Friday, January 10, 2014

Gary Shteyngart disses Canadian writers and tears are shed

This kerfuffle going on with Gary Shteyngart and Canadian writing has me mildly bemused this morning. Apparently, in an interview, the author of Super Sad True Love Story (who was, in fact, just interviewed on Fresh Air the other day), said that while moderating a Canadian prize jury, we was struck with how many submissions there were (he said "millions") and how only 4-5 were any good.

This, he suggests, could be the result of so many Canadian writers getting grants, the implication being that writers are reluctant to challenge grant bodies or do anything experimental.

I must say that I tend to agree with him in part. I've said before that I'm often struck with how staid Canadian writing often is. That's not to say that there isn't good stuff being done, there certainly is. And "challenging" writing is only one aspect of writing that he seems to be talking about. Challenging form is no ticket to originality nor does it necessarily equal "good" writing. But to me it's not an issue involving Canadian writers per se. It's an issue with the Canadian media who tend to laud, award prizes to, and buzz about books that are rather fair to middling. Canadian readers or those supposedly "in the know" seem to not like books that challenge form or that step outside of the safe world we often live in. I'm speaking in very general terms here, of course.

I can think of many Canadian writers who do fascinating work that rocks the boat somewhat, that takes chances, that doesn't just regurgitate the same story over and over. But these writers tend to get ignored by the literary establishment in Canada. These works aren't nominated for prizes, aren't written up in the journals or magazines for review, aren't selected as Canada Reads finalists.

Again, not to denigrate any of the organizations or prizes or systems because the final point that I'd like to make is that while I agree with Shteyngart on his assessment of Canadian writing, I don't agree with him on the overriding suggestion that grants equal "middling" writing. Everything that I've said above I'd say equally about American writing. Or British writing. Perhaps even much of the writing from France. The fact is that most writers do decent work but it takes a very special kind of writer to do something extraordinary, no matter what country he or she is writing in. And one of the best things about granting bodies is that while it's true that they do look for a certain "kind" of writer, there is no editorial interference whatsoever (either before, during, or after the project is done).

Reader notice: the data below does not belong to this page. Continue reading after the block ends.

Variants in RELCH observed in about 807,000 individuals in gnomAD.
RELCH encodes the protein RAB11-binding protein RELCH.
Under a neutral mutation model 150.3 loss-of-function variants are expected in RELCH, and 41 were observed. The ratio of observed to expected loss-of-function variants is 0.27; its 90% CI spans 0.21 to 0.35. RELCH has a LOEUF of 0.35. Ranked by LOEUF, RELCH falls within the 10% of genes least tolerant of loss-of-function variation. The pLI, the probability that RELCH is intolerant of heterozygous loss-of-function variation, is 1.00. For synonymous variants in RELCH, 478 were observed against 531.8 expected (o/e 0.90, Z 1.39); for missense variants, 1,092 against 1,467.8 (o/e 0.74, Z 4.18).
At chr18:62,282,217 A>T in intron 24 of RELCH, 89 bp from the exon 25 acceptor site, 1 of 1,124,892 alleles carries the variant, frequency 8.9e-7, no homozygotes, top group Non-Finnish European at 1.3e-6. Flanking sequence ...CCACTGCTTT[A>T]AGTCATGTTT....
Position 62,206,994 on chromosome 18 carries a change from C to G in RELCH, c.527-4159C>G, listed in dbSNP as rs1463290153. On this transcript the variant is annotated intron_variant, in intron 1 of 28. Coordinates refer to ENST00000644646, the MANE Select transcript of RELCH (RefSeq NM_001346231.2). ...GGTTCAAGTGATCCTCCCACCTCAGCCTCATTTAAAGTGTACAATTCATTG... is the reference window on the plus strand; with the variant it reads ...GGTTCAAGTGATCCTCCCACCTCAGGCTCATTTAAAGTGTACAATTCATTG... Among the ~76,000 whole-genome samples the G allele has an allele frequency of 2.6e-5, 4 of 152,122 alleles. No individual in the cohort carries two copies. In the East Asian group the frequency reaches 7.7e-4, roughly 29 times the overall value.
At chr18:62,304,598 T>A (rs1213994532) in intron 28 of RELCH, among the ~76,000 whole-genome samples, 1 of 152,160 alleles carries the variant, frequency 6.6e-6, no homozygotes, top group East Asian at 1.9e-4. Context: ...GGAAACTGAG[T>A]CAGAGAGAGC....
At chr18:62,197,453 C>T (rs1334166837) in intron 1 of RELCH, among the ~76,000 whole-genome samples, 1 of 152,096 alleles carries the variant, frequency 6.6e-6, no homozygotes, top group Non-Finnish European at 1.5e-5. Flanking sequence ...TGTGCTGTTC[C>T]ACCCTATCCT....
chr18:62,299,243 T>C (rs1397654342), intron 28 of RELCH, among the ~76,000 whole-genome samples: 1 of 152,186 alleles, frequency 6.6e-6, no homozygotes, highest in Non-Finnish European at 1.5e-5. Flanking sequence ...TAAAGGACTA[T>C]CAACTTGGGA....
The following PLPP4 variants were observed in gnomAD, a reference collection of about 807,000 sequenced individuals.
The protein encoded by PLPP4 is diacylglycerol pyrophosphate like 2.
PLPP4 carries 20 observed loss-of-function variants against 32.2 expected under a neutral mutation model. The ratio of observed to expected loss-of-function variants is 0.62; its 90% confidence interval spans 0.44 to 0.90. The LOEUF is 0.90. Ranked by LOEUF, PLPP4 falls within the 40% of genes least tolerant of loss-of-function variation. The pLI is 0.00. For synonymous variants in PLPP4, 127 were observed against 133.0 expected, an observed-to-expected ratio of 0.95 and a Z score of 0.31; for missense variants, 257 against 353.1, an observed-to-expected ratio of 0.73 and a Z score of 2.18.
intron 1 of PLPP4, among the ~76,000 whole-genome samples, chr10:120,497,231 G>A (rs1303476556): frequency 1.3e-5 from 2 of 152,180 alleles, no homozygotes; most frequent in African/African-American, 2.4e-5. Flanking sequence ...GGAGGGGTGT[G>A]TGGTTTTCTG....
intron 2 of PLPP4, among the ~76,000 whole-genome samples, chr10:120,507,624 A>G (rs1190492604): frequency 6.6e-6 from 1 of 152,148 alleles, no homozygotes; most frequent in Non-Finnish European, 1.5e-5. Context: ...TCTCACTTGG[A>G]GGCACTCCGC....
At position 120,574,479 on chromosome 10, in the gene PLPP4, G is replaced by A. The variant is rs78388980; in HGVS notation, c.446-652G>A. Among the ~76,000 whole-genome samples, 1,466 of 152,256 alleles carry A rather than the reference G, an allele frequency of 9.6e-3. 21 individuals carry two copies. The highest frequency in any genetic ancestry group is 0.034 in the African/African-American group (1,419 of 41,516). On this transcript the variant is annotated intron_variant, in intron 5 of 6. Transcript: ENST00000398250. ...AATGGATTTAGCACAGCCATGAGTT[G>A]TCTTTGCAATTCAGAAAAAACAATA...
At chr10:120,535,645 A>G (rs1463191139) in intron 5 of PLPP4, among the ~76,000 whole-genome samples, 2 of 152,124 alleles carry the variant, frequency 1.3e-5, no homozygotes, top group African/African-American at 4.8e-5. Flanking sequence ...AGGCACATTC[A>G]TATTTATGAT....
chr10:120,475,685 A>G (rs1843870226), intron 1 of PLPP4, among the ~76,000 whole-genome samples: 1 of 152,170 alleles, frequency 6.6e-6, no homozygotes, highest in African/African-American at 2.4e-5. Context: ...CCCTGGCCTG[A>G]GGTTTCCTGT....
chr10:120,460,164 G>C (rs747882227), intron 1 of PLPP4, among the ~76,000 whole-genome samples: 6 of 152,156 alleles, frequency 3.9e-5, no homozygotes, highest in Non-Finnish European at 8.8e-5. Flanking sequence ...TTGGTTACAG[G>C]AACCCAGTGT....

Writing is hard. Writing well is hard. Writing consistently solid work is very hard. So it's no surprise that most writers hit the middle in terms of quality. Very few can rise to the top (I'm not referring to anything like book sales, bestseller lists, etc. here, though perhaps the same paradigm could be applied to that as well).

What amuses me about this whole episode is the reaction of some Canadians. Geez, people, get thicker skin. Holding up Alice Munro has some example that there are, indeed, "good" Canadian writers just seem childish and petty. Who cares what Americans think of Canadian writing anyway? Who CARES?!

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